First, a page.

NORTHERN Isles MP Alistair Carmichael has expressed his hope that the UK Government will appreciate the significance of delivering lifeline services when it meets with Loganair management to discuss further support to the aviation industry.
Carmichael was reacting to comments from Loganair chief executive Jonathan Hinkles on BBC Radio 4 on Monday morning which confirmed that the regional airline would be discussing government support from the Treasury in the next few days.
Speaking on the Today programme, Hinkles said: “I do think like the vast majority of UK airlines we will be going back to take up that invite for further conversation with Treasury in the coming days because we have to.”
Speaking to Shetland News he added: “As a provider of lifeline air services, Loganair is unlike other many airlines in that we must continue to fly the lifeline routes on which our customers depend.
“It’s critical that we do so, and we believe we are well placed to be able to maintain those services throughout the current crisis. This position means we are unable to suspend our operations and furlough all our employees as other airlines have.
“The Covid-19 pandemic has had an enormous effect on all UK airlines. The government has made it clear that it is open to specific requests for support from individual airlines and whilst Loganair has not yet taken up this invite as we explore all paths, we expect to join other UK airlines in doing so in the coming days given the unique position in which we find ourselves.”
The company has already secured a 100 per cent business rate relief from the Scottish Government over the next year as part of measures to support the aviation industry.
Loganair is running a skeleton service of essential flights over coming weeks and months as ticket sales dropped off dramatically due to the coronavirus outbreak.
Earlier this month Loganair took on 16 additional routes from regional carrier FlyBe, which collapsed on 5 March.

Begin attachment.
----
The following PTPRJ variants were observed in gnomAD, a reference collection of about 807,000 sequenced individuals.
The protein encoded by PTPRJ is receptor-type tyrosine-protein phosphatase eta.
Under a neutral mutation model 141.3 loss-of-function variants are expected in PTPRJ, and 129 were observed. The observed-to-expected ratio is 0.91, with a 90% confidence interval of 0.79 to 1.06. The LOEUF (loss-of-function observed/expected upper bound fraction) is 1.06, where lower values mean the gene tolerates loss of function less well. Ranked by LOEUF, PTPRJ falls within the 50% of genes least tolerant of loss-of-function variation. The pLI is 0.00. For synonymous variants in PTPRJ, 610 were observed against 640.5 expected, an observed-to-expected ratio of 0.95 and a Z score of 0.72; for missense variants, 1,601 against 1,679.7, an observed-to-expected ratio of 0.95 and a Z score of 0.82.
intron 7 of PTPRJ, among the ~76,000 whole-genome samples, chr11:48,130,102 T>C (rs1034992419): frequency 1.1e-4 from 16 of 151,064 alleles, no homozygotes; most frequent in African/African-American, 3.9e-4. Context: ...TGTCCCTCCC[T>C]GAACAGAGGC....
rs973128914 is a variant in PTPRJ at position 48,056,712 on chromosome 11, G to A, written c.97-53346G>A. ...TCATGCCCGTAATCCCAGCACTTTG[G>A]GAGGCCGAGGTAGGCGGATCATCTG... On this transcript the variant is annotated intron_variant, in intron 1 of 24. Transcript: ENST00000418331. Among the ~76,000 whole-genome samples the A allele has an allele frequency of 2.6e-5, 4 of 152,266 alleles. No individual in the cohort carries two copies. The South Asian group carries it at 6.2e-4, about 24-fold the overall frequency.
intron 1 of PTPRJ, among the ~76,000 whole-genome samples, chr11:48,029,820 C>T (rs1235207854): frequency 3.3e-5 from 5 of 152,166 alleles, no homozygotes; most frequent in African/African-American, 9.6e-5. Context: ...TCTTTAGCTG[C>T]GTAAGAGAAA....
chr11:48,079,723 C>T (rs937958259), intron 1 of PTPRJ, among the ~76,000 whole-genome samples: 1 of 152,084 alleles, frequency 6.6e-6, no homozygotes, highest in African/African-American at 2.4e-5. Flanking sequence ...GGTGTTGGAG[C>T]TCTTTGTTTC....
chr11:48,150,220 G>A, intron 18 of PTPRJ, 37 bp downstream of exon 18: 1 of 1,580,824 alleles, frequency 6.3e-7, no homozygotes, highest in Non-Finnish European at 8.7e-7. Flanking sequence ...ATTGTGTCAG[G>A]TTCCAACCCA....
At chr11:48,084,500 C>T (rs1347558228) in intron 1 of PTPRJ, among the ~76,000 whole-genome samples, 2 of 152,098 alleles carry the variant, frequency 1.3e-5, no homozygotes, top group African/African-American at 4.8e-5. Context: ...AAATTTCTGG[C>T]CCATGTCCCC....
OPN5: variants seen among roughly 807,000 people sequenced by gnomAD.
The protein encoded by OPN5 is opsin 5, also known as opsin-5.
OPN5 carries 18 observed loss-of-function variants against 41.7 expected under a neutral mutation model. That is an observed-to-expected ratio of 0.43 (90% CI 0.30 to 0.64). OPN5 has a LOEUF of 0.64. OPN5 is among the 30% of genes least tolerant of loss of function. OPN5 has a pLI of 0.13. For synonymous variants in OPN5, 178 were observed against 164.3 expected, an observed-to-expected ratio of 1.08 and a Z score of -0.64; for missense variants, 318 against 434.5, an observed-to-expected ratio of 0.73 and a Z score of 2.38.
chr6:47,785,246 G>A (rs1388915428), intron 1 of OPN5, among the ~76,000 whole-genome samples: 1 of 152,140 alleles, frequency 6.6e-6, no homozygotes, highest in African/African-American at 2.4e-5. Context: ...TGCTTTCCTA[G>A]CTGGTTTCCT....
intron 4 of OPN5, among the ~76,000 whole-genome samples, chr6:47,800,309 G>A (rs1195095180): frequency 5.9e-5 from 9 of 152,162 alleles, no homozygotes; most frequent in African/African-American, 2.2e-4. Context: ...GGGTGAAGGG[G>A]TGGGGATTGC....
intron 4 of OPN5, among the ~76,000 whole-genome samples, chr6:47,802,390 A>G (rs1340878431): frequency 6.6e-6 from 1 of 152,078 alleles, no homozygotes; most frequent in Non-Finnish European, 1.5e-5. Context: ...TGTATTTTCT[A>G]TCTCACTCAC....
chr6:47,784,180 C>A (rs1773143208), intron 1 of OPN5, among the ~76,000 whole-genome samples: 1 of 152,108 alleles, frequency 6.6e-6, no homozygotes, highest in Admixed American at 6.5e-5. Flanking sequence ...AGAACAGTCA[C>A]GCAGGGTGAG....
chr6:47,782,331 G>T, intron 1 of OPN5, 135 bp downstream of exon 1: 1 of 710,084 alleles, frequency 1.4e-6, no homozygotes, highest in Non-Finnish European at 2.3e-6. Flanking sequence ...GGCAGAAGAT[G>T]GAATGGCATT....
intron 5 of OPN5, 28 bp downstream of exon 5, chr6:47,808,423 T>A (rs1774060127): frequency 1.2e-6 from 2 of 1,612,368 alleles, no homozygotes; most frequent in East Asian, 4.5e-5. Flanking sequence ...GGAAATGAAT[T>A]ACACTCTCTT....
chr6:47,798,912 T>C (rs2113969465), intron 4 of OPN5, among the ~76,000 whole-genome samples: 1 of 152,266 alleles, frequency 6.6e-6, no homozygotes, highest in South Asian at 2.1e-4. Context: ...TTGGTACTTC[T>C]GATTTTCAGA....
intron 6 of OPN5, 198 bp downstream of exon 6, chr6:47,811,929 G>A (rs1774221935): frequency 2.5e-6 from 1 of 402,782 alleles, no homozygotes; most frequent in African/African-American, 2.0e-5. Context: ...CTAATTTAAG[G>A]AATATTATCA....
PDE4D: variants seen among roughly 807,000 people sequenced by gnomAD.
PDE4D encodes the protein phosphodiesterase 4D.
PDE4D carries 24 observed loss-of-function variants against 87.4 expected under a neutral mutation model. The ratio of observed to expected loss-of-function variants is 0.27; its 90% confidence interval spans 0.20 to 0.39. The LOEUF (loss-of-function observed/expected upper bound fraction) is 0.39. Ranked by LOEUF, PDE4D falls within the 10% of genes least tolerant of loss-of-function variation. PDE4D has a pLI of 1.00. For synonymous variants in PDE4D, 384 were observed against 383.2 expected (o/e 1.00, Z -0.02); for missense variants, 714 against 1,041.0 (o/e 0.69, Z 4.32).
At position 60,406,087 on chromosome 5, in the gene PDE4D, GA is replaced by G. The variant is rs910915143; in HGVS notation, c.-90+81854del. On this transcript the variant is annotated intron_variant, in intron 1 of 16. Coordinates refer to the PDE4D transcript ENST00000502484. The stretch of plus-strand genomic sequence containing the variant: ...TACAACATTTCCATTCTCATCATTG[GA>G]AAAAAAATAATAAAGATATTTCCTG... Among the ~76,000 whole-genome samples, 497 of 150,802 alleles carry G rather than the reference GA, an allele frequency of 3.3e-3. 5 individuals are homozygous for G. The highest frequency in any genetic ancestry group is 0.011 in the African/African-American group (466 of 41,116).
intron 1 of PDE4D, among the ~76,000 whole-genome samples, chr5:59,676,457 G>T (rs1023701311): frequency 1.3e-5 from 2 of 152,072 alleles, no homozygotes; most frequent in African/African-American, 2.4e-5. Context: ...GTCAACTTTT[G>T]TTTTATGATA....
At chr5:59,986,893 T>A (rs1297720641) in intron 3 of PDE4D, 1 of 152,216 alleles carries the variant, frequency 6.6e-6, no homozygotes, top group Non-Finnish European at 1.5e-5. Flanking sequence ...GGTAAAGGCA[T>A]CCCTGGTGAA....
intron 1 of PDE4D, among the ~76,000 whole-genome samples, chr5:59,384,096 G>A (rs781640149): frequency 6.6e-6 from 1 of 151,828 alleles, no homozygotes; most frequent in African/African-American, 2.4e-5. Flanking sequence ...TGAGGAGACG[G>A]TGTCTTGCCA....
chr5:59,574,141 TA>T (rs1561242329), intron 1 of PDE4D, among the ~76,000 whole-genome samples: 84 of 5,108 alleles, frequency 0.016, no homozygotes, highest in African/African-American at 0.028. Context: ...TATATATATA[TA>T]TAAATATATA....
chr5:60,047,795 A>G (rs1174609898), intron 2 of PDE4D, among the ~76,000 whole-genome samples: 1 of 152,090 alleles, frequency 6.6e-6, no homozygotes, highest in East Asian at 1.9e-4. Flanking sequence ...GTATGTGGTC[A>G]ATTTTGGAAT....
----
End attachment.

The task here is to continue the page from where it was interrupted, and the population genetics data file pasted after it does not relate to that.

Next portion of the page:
Meanwhile, easyJet has announced that it will be grounding its entire fleet for at least two months in response to
the collapse of air travel, while other major carriers have said that they would eventually need help from the state to survive.
Carmichael said: “The government needs to give serious consideration to community needs as it works with airlines in need of support. Cutting lifeline services would be a disaster for the isles as we recover from this crisis, risking long term harm to prosperity. We must ensure that these connections are protected.
“The Treasury demonstrated recently that they understood the importance of maintaining transport infrastructure when they took Northern Rail into public ownership.
“I hope that they understand that these lifeline services are as important to island communities as train services are to towns in the north of England.”
Shetland MSP Beatrice Wishart added: “The government must understand what a lifeline service means to a community like Shetland. The airline industry is not a one size fits all.
“A reliable and fit for purpose air service is absolutely essential for medical appointments, for businesses, for young people studying at university and a whole host other essential travel; all travel that will be needed once this crisis is over.”
Sumburgh Airport’s opening times, meanwhile, have been cut to allow the skeleton service to operate.
It will be open from 8am to 3.45pm Monday to Friday, 8am to 4pm on Saturdays and 2.30pm to 4.30pm on Sundays.
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